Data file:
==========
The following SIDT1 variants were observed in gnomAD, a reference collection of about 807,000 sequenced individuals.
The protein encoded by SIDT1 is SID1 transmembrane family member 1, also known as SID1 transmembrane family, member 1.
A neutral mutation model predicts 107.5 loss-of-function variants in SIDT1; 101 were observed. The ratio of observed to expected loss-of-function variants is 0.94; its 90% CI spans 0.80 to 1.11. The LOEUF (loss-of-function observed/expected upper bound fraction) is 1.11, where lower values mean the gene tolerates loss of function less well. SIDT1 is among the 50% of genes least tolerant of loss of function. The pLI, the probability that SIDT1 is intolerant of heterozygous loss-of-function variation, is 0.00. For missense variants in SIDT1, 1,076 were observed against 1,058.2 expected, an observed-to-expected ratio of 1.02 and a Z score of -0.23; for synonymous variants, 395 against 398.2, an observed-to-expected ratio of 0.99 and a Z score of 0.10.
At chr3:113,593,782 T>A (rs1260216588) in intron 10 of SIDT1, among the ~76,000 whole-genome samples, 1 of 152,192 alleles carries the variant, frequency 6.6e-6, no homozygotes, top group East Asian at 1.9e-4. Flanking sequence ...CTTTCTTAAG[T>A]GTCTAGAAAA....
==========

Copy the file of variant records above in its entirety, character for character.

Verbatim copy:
The following SIDT1 variants were observed in gnomAD, a reference collection of about 807,000 sequenced individuals.
The protein encoded by SIDT1 is SID1 transmembrane family member 1, also known as SID1 transmembrane family, member 1.
A neutral mutation model predicts 107.5 loss-of-function variants in SIDT1; 101 were observed. The ratio of observed to expected loss-of-function variants is 0.94; its 90% CI spans 0.80 to 1.11. The LOEUF (loss-of-function observed/expected upper bound fraction) is 1.11, where lower values mean the gene tolerates loss of function less well. SIDT1 is among the 50% of genes least tolerant of loss of function. The pLI, the probability that SIDT1 is intolerant of heterozygous loss-of-function variation, is 0.00. For missense variants in SIDT1, 1,076 were observed against 1,058.2 expected, an observed-to-expected ratio of 1.02 and a Z score of -0.23; for synonymous variants, 395 against 398.2, an observed-to-expected ratio of 0.99 and a Z score of 0.10.
At chr3:113,593,782 T>A (rs1260216588) in intron 10 of SIDT1, among the ~76,000 whole-genome samples, 1 of 152,192 alleles carries the variant, frequency 6.6e-6, no homozygotes, top group East Asian at 1.9e-4. Flanking sequence ...CTTTCTTAAG[T>A]GTCTAGAAAA....